Great Jobs and Brilliant Cover Letters, Ahoy!

It’s a pretty great feeling to be surfing or Craigslist and come across a job that sounds so fabulous you immediately apply for it, regardless of whether the requirements say you’re qualified or not.

I had a few of those reactions to job postings recently.

One of them was Harper Collins Publishing. I’ve always toyed with the idea of publishing for a career, because of anything that I do the most and do well at, it’s reading. I read constantly, anything I can get my hands on. Right now, since I have so much time on my hands, I frequently run out of things to read, especially if I’m not currently in the middle of a formal book. I’ve been reading since I was three, was reading at freshman in college level by second grade, and well…enough said.

The thought of reading for a living — even with the necessary editing and criticism needed–makes me giddy.

I know I’m a good worker, and I know I’m good at what I do. However, bringing that across in writing in a way that doesn’t make me sound like I’m shamelessly bragging is difficult for me. When I began writing the cover letter for Harper Collins, however, the words came easily, and I tried to show them that my experience actually mattered. I wanted this job:

Throughout my life, I have had the opportunity to do a lot of editing for friends and for work. Most recently, I was a teacher’s assistant for the communication department chair at my college, edited articles for all three college publications my senior year (Funnybook, yearbook, and the newspaper) as well as editing a friend’s thesis and being consulted for creative advice from friends who are up and coming graphic designers.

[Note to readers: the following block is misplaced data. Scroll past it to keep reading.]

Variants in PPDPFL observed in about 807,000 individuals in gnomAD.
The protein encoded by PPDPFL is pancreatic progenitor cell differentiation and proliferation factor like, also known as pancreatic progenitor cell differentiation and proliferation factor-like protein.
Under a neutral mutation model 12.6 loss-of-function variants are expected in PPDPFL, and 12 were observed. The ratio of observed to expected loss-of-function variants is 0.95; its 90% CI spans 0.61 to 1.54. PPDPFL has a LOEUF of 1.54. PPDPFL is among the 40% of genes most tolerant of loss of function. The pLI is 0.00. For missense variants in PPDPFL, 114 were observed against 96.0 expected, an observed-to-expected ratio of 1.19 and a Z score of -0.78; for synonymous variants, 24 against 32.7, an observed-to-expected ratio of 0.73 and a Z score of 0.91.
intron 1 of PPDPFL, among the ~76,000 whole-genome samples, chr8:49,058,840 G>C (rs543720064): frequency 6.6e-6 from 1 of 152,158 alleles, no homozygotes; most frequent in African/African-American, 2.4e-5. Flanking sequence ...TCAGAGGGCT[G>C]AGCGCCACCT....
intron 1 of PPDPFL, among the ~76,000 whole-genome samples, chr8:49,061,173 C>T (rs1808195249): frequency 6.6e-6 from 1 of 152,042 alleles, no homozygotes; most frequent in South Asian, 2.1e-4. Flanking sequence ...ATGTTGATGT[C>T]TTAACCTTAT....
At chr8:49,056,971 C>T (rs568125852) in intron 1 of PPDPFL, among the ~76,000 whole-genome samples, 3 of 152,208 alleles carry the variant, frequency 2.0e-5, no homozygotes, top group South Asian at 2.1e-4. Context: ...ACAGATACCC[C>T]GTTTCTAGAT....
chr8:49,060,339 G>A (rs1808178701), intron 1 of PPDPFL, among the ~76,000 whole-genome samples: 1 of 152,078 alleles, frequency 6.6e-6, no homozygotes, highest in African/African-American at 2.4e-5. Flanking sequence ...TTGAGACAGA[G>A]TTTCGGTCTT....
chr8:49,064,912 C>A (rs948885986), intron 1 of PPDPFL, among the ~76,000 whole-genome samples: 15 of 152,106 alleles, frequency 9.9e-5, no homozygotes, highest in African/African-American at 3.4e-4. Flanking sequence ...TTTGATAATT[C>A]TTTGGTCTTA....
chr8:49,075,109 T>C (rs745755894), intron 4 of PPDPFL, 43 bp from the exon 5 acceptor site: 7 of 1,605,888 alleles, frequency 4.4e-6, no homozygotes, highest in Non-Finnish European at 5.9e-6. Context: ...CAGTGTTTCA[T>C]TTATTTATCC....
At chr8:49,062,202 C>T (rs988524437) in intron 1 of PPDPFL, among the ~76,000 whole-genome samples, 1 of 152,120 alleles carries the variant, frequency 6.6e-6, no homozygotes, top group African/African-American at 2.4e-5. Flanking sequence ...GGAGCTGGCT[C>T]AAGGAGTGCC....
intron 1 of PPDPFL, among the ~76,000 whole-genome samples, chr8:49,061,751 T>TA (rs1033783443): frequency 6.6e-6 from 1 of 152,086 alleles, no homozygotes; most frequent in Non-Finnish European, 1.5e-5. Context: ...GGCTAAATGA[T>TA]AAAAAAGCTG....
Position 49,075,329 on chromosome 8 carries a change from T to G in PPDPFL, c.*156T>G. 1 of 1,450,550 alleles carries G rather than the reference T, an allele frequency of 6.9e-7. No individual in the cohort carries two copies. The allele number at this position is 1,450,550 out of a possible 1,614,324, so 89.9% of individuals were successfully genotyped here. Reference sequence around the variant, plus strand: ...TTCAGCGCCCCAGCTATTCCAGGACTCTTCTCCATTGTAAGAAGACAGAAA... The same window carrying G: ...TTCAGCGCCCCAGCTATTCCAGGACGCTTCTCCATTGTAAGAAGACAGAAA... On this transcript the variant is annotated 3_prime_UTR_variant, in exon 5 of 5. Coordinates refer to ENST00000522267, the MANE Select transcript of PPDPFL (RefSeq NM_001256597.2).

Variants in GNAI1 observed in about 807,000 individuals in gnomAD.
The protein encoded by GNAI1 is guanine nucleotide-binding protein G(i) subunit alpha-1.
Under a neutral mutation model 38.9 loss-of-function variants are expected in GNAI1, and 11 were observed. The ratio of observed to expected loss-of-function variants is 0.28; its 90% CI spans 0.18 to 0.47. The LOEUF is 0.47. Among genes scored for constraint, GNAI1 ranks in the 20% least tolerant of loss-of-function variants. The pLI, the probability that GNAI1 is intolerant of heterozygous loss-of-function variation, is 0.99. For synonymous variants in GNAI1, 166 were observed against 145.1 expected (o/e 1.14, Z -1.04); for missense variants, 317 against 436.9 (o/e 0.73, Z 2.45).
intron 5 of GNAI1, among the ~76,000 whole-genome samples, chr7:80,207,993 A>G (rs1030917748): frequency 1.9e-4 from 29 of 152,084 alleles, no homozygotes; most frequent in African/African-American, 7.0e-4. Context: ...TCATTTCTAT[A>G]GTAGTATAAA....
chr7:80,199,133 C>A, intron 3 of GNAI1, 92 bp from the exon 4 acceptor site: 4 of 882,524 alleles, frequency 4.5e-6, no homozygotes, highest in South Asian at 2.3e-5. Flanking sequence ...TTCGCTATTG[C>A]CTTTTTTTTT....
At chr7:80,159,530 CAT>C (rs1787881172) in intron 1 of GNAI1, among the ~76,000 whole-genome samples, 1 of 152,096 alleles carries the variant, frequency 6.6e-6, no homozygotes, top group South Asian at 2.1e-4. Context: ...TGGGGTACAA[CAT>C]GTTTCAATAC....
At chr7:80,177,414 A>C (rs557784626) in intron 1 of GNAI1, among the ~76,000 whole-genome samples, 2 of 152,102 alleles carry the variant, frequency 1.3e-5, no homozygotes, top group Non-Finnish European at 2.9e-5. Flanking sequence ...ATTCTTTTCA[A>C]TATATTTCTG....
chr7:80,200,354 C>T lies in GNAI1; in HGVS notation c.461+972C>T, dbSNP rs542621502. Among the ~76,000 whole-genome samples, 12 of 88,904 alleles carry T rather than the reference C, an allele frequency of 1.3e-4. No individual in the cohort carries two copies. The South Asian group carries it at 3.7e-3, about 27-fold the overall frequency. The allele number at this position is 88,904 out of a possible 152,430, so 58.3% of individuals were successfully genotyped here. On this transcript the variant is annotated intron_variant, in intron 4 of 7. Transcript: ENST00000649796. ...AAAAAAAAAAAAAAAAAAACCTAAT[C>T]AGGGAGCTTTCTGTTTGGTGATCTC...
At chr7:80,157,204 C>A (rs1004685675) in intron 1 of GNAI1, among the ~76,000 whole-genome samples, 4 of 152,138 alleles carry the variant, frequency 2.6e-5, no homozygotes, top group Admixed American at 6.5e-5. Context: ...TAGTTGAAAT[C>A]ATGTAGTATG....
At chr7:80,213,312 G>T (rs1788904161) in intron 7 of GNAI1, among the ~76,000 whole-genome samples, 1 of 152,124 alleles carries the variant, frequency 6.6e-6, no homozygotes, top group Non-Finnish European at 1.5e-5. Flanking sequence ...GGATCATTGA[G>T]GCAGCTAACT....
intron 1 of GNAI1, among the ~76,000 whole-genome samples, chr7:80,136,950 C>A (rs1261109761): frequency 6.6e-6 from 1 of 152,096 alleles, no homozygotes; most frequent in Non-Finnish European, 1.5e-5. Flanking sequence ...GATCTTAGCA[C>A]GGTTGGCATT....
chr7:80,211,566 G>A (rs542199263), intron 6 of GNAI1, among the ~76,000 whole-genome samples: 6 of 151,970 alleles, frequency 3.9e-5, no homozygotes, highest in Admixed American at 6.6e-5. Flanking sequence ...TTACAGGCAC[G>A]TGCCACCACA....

Sadly, I have still not heard back anything from Harper Collins. I am checking back to see if they have any other positions open.

Another was San Francisco Weekly, which is an online periodical based, obviously, in San Francisco. They were looking for a copy editor, and didn’t mention much about needing a lot of experience. I do have a lot of experience copy editing, and jumped into my cover letter with both feet.

 I am a fast learner, pay close attention to detail, and am a hard worker…Even if I did not have the skills that you are looking for in this position, I would learn them within a week or two on the job. Working for SF Weekly as a copy editor would be a mutually beneficial position for both me and the publication itself. I often catch mistakes missed in newspapers, magazines, and advertisements, and think, “I wish I was their copy editor, because I would have found that mistake before it went to press.” Although no one is perfect, I will make sure to minimize to none mistakes in copy and make sure that SF Weekly looks even more professional and put-together than it already does.”

Again, SF Weekly? No response. It’s quite sad.

So here I am, continuing to plug away at job applications, editing my resume, and cover letters galore. When it’s these types of jobs that I don’t hear from at all, it hurts. It gives me the visual image of a hiring manager glancing at my email and deleting it on receipt. I know this probably doesn’t actually happen, but it seems like it sometimes.

The right job will come along soon. It’s just keeping my head up and pushing forward that is hard to do, especially with this deep of disappointment.

So...what do you think?

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